Blog Slacker

So, as you probably can tell, I haven't written anything on here in months.  I guess I just feel our daily routine of things is not so blog-worthy.  Somebody, who shall remain nameless(mom) has been pestering me to post on here.

So, what have we been up to since February.  Well, for starters, Kylee turned 2 in June and she has definitely started to act like a 2 yr old.  She will get mad at you if she doesn't get her own way.  But, overall she is very happy most of the time.  She has mad some progression in all areas.  She has been walking for months now- I think since February and is getting pretty fast at it.  She can climb up on the furniture and just the other day, the little stinker was up on the coffee table when I came out of the bathroom!  She is getting better at steps, but since all we have are the steps on the porch, she doesn't get much time to practice.  In the speech department, she is starting to make lots of sounds and say/sign words.  She was signing quite a bit months ago, but stopped for awhile.  Her favorite word lately, is hi.  Every one we see, she has to say hi to.  It is really cute.  She can say bye, bath, pee(she won't pee on the potty, but she will sit on it,) Kate, mama(although she prefers to say Daddy,) pop(she does this when popping bubbles,) juice(although every food item is juice,) she will sign more and she definitely imitates lots of sounds lately.  She will start occupational therapy again and we will work on some fine motor skills.  Things such as coloring, proper use of utensils, etc.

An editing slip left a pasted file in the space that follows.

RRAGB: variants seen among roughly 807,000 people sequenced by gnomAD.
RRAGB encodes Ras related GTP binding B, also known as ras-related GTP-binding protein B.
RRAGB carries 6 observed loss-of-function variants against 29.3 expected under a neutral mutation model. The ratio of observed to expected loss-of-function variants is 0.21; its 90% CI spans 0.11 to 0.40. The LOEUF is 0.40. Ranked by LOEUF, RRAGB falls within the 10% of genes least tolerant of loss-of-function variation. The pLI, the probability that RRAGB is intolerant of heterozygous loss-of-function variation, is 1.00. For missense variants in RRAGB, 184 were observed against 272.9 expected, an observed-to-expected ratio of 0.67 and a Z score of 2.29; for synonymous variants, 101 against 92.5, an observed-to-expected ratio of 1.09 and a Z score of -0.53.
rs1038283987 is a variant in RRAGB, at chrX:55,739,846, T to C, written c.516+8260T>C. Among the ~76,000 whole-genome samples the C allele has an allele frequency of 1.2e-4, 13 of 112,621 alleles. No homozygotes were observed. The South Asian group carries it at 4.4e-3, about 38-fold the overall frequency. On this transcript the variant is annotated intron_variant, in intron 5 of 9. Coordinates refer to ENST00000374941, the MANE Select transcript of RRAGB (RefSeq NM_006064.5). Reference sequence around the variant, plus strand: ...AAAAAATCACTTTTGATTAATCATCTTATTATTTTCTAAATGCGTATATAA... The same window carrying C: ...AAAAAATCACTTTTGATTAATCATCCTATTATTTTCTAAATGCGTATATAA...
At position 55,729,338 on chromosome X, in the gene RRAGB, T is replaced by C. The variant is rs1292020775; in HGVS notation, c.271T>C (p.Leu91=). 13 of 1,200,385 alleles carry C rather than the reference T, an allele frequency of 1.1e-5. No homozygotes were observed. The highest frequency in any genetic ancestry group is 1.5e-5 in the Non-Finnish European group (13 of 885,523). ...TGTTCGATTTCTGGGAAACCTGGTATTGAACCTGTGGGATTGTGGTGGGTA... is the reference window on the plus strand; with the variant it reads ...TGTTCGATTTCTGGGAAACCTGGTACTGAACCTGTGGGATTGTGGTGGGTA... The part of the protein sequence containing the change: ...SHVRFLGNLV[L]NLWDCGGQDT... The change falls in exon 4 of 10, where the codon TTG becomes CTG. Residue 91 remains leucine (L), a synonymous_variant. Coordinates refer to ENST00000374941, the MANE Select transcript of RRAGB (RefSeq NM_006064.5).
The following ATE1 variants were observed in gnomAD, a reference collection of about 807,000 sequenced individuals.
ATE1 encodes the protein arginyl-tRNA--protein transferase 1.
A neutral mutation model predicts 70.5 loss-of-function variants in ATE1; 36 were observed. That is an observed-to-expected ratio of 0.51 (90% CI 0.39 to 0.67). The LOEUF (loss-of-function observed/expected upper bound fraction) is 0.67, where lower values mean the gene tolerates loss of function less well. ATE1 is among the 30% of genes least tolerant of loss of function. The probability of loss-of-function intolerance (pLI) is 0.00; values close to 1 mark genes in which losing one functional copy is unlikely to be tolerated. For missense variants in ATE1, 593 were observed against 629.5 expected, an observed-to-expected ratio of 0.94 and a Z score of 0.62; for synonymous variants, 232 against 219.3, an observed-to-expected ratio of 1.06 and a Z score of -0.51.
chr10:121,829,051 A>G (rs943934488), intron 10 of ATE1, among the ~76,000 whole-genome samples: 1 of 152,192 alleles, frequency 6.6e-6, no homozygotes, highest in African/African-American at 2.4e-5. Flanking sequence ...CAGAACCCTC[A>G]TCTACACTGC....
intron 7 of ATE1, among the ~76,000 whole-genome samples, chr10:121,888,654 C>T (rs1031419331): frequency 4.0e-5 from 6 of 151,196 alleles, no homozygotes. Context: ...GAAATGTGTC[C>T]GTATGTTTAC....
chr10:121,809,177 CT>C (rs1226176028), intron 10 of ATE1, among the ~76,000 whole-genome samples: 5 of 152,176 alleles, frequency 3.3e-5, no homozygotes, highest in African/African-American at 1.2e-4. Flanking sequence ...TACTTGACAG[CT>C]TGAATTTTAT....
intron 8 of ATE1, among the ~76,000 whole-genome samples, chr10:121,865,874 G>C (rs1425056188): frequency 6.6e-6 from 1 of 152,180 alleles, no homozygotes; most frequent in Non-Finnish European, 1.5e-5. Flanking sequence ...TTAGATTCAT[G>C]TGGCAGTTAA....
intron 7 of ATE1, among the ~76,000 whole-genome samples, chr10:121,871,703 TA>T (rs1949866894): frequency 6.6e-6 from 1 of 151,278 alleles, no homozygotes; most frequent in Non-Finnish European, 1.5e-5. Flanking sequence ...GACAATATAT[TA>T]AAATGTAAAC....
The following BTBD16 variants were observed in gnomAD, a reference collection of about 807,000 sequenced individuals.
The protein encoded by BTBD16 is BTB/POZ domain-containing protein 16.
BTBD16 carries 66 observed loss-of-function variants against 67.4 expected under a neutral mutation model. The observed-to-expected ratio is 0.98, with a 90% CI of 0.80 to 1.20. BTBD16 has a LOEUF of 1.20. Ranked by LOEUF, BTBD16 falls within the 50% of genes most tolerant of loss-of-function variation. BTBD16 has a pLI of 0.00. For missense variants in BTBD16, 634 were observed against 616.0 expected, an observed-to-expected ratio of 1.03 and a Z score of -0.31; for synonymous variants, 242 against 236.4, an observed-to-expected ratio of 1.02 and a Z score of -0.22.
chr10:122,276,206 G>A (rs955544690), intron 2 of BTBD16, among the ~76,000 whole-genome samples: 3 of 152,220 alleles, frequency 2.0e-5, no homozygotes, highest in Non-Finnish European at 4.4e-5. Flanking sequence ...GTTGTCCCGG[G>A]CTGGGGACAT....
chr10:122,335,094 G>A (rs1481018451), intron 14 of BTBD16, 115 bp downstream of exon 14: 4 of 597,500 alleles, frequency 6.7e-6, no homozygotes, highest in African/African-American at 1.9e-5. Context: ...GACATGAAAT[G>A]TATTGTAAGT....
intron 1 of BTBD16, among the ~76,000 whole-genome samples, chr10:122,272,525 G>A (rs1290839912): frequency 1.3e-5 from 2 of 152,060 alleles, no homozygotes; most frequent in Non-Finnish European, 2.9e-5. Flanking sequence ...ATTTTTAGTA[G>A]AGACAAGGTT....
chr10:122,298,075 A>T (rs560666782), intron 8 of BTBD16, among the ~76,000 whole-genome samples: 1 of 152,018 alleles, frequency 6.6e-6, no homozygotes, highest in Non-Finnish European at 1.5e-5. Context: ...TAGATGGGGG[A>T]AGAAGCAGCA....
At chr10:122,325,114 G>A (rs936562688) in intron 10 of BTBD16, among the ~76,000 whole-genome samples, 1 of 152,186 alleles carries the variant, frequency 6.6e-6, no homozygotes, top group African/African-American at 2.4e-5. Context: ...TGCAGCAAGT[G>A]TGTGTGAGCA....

In the health department, knock on wood, she is doing fantastic.  She just had a visit with the eye doctor and we were told that most eye issues normally seen in children with Down syndrome would likely have happened already.  So, we don't need to visit her for another 18 months.  We have her one year checkup with the cardiologist on Monday and then a followup with the neurologist on Tuesday. I'm expecting good news from both and with the neurologist, she really hasn't been showing any issues of her left leg bothering her.   She is slowly growing and weighs 25 lbs, but I couldn't tell you how tall she is.